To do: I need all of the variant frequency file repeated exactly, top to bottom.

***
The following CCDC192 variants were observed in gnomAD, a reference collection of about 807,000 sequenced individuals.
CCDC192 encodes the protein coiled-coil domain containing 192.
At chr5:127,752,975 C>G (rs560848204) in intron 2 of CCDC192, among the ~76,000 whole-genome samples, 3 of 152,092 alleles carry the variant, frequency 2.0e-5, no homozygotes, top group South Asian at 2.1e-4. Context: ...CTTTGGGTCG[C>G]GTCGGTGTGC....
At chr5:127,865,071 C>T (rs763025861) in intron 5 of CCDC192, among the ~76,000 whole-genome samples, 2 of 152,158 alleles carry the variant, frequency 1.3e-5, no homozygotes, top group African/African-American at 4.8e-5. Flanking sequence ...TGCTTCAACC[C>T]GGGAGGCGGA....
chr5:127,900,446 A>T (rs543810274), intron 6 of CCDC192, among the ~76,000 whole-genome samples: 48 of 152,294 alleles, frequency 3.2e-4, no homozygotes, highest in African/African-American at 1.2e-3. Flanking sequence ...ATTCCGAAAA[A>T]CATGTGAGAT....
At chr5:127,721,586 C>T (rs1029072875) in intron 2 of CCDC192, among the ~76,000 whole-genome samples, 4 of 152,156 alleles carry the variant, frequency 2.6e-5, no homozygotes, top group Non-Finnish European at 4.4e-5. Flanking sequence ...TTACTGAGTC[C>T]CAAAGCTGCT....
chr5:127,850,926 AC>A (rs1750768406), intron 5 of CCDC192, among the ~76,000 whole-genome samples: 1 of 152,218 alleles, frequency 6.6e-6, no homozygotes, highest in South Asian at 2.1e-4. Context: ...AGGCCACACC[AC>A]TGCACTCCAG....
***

The following CCDC192 variants were observed in gnomAD, a reference collection of about 807,000 sequenced individuals.
CCDC192 encodes the protein coiled-coil domain containing 192.
At chr5:127,752,975 C>G (rs560848204) in intron 2 of CCDC192, among the ~76,000 whole-genome samples, 3 of 152,092 alleles carry the variant, frequency 2.0e-5, no homozygotes, top group South Asian at 2.1e-4. Context: ...CTTTGGGTCG[C>G]GTCGGTGTGC....
At chr5:127,865,071 C>T (rs763025861) in intron 5 of CCDC192, among the ~76,000 whole-genome samples, 2 of 152,158 alleles carry the variant, frequency 1.3e-5, no homozygotes, top group African/African-American at 4.8e-5. Flanking sequence ...TGCTTCAACC[C>T]GGGAGGCGGA....
chr5:127,900,446 A>T (rs543810274), intron 6 of CCDC192, among the ~76,000 whole-genome samples: 48 of 152,294 alleles, frequency 3.2e-4, no homozygotes, highest in African/African-American at 1.2e-3. Flanking sequence ...ATTCCGAAAA[A>T]CATGTGAGAT....
At chr5:127,721,586 C>T (rs1029072875) in intron 2 of CCDC192, among the ~76,000 whole-genome samples, 4 of 152,156 alleles carry the variant, frequency 2.6e-5, no homozygotes, top group Non-Finnish European at 4.4e-5. Flanking sequence ...TTACTGAGTC[C>T]CAAAGCTGCT....
chr5:127,850,926 AC>A (rs1750768406), intron 5 of CCDC192, among the ~76,000 whole-genome samples: 1 of 152,218 alleles, frequency 6.6e-6, no homozygotes, highest in South Asian at 2.1e-4. Context: ...AGGCCACACC[AC>A]TGCACTCCAG....